Anyways, you are ready to cook! Bring a big pot of water to a boil, generously adding a large amount of salt and oil (1/3 of a cup of each per gallon of water or so). Place 2 tablespoons of butter into a non-stick pan, but do not turn on the heat yet. When the water comes to a boil, add the gnocchi to the water and turn on the heat to your pan at the same time. The gnocchi will take about 2 minutes to cook. When they float to the surface, wait 20 seconds and they are done. The butter in your pan should be nice and hot by then. Scoop the gnocchi out of the pot of water and into your pan. Saute, letting the gnocchi get nice and brown.

You can just serve after boiling, but this is just because Italians really aren't getting enough grease in their diet.

You can just serve after boiling, but this is just because Italians really aren’t getting enough grease in their diet.

When the gnocchi is nicely browned spoon some pesto onto them and mix together. Serve immediately.

The Result

Yeah motherfucker. Someone eating this might think you spent a summer vacationing in Italy or learning from an Italian grandmother, but only YOU know the truth. You sat on your ass and read this blog, like an unsung hero would.

Yeah motherfucker. Someone eating this might think you spent a summer vacationing in Italy or learning from an Italian grandmother, but only YOU know the truth. You sat on your ass and read this blog, like an unsung hero would.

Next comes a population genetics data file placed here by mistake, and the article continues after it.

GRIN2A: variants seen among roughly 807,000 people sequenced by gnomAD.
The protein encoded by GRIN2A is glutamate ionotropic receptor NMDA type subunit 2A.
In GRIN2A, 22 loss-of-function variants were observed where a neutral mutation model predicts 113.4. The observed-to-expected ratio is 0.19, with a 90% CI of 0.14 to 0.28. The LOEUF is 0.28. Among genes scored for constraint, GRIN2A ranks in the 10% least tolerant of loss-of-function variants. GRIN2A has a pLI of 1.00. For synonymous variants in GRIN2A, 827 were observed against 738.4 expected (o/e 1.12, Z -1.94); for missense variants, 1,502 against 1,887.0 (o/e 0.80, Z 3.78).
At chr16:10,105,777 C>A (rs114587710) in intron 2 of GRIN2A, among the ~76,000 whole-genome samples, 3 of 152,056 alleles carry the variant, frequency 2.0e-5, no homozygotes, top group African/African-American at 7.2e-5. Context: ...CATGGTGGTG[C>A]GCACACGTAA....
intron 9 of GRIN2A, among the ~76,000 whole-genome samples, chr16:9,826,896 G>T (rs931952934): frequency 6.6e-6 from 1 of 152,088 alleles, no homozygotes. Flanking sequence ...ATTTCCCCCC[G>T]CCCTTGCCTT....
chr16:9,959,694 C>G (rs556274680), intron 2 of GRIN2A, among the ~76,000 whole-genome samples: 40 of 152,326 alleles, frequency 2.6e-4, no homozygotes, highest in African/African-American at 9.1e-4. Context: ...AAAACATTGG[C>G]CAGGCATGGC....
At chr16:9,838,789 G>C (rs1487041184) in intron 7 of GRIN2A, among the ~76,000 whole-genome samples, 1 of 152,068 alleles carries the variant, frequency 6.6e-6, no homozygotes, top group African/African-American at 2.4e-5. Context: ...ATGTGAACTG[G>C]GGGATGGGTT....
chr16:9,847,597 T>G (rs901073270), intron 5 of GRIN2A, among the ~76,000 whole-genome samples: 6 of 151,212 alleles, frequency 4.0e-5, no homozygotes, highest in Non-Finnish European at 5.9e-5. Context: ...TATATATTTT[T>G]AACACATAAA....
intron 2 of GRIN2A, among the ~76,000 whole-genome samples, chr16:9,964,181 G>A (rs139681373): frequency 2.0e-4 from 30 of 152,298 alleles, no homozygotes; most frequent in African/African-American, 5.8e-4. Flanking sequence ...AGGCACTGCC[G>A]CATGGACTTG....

People have described gnocchi as “light, fluffy pillows”, but that’s really too flattering. They’re kind of like… potato-y dumplings. Still, when fried up they are quite nice. Crispy on the outside, with a fluffy potato texture on the inside. The pesto adds a nice touch of aromatic flavor that brings it all together. Not the best dish ever, but certainly something nice to have tried and said that you have tried. Veni, vidi, vici.

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Mushroom Risotto


There aren’t many things in the world that can be brought back from the dead. If you have a plant but neglect to water it for a few months, it’ll most likely be dead. All the water in the world will not bring it back. Luckily, blogs are a far hardier breed of creatures. I’ve never meant to let it die, but here it is, it’s back with just a few swypes at the keyboard! The moral of the story is, if you are an irresponsible human being like me, keep a blog, not a plant (or even worse, a baby).

Anyways, let us start out with something that is both simple and tastes fucking amazing: mushroom risotto. If you ever want to really impress someone who has no idea how to cook without too much effort or money, this is what you will want to make.

Ingredients

Boobies.
A picture of the ingredients you need, and a lot of inedible stuff you don’t need. For example, that door knob in the back? It will never be used in this dish. At all.

1 cup arborio rice
1 can (or more) of chicken stock*
1/2 pounds mushrooms**
1 medium yellow onion
3 tbsp olive oil
2 cloves garlic
1 tbsp butter
2/3 cup dry white wine
water (optional)
salt
pepper
3 tbsp parmesan cheese

*You can use water on top of the 1 can of chicken stock, or all chicken stock to make this dish extra flavorful.
**Button or brown mushrooms are the common choice. If you are well off you can get fancy with wild mushrooms.

Cooking